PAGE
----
Posts Tagged ‘lightroom’


Sometimes you just arrive at a location and start thinking about shooting. When there is huge dynamic range, you might be using HDR or gradual neutral density filter. Every good photographer will tell you the best light to shoot in is during dawn or dusk. There is also one huge advantage that not everybody tells you about. Dynamic range isn’t so big during sunrise or sunset. So when you want to use HDR it is an option, but not a must. And to be honest, you can get some funky results.

As you can see on the image right, dynamic range is OK and here I tried to do a pseudoHDR in Lightroom 4. Just drag Highlights slider to -100, Shadows slider to +100 and clarity to +100. Then you might need to adjust whites, blacks, exposure and other stuff but you can get nice result. But it just doesn’t work as much as a normal shot just down bellow.

Getting the real look makes the photo more realistic and better looking. With the one on the left I almost cut off all the atmosphere, great yellow light coming from the left, contrast between light and shadow and entire image gone a bit flat. Of course, that is caused by processing. Anyway with the second image we have everything. Nice light, shadow, contrast, dimension, depth, separation, color. I just love the shadows in left bottom corner of the image. What I’d love to have is a person in the photo sitting on a chair looking away from my camera. It would add a bit more magic to the image. But I couldn’t expect someone to be out there sitting in a restaurant at 6 AM.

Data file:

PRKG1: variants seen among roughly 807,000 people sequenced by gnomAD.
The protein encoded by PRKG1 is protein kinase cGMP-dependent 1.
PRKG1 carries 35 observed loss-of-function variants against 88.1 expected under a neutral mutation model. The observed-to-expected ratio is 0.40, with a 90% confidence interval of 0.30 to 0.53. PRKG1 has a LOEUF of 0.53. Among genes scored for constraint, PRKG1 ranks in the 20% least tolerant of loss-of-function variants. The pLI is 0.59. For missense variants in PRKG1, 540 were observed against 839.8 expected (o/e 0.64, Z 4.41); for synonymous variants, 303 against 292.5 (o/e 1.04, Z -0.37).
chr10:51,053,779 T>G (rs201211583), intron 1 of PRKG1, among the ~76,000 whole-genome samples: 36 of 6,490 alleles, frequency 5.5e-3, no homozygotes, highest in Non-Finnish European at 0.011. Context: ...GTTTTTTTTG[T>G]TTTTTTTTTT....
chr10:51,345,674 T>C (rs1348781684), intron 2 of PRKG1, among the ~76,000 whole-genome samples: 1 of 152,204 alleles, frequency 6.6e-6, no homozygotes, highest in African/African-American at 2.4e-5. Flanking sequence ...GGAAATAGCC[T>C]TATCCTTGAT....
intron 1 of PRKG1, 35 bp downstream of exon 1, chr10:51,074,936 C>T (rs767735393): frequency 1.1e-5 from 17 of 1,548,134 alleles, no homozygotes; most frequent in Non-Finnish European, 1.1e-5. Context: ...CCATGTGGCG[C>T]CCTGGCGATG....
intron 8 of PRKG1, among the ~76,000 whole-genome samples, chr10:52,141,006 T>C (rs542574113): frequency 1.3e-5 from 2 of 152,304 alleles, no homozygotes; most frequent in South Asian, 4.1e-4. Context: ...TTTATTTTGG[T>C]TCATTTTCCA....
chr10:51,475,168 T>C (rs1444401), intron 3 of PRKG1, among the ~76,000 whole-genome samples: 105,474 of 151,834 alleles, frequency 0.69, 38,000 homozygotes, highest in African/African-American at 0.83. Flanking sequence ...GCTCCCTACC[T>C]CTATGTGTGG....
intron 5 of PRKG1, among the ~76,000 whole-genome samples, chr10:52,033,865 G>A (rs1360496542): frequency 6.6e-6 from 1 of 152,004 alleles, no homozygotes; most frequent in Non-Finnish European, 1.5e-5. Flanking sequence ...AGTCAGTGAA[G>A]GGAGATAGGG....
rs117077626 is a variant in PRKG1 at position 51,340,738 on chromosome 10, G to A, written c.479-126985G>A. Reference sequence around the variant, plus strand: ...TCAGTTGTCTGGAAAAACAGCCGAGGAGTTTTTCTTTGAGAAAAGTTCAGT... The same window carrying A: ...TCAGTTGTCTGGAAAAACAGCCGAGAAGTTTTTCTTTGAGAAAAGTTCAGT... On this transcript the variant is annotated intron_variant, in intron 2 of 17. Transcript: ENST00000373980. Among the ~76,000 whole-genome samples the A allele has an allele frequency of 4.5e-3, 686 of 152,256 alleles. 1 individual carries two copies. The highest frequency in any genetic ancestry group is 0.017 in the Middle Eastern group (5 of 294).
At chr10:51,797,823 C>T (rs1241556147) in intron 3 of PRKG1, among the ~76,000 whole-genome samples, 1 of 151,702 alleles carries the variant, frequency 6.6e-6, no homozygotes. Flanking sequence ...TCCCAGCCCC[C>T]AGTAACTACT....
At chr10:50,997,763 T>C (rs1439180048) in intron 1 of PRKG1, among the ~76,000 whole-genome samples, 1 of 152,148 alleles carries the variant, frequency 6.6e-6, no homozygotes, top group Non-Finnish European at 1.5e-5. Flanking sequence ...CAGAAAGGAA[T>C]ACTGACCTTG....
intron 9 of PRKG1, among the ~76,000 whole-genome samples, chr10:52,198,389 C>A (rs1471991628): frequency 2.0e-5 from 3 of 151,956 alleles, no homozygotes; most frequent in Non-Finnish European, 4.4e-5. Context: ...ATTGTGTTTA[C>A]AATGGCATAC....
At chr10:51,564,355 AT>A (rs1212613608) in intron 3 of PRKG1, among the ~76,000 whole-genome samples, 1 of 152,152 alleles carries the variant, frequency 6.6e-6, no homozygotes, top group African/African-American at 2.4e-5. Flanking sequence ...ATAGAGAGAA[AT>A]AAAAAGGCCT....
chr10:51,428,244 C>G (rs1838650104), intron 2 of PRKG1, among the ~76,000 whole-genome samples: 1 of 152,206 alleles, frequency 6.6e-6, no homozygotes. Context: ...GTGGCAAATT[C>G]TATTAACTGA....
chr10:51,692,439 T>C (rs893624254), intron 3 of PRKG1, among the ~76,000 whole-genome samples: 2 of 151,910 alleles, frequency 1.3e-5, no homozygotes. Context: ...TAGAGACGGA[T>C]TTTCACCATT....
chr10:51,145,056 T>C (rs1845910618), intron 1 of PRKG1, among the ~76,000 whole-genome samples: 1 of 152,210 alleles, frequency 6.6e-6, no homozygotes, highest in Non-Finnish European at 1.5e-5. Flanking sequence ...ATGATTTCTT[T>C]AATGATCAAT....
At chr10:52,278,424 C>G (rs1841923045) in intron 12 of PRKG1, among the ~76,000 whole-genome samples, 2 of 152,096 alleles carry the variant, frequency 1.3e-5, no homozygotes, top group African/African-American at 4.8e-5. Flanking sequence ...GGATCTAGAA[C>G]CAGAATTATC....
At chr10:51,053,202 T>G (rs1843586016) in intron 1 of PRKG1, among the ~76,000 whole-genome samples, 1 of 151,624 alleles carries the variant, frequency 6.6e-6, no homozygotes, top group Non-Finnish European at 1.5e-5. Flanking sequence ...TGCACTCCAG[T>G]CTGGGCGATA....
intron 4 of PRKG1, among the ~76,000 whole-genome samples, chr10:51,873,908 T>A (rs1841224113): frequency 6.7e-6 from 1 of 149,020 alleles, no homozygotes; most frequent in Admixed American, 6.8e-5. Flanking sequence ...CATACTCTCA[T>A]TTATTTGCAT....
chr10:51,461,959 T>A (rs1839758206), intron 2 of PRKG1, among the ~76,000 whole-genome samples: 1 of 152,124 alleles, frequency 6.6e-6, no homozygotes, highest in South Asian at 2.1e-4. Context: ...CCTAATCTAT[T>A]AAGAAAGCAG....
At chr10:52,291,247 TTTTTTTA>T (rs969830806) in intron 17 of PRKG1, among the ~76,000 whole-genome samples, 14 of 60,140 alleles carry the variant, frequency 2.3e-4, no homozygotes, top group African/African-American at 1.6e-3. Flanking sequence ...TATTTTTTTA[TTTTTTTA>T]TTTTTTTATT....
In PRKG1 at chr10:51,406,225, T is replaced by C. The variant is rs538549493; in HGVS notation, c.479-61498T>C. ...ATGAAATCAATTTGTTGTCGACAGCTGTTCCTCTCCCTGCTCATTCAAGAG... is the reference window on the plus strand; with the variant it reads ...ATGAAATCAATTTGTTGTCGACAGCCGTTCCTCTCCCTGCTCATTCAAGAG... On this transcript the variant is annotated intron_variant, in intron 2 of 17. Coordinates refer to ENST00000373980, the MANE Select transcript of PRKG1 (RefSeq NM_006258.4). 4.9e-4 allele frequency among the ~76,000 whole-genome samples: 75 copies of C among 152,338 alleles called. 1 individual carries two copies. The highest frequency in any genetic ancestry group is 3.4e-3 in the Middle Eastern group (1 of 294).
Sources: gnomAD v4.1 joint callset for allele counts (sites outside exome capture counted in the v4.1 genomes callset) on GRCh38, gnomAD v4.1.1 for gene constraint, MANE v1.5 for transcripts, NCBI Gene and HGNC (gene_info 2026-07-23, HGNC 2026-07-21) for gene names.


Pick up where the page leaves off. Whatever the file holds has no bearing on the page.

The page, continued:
Hey guys, I’m back with another blog post. This time I was out shooting star trails. I’ll try to cover all stuff you need for this type of shoots, write down some of my experience and maybe even post a video. So let’s go.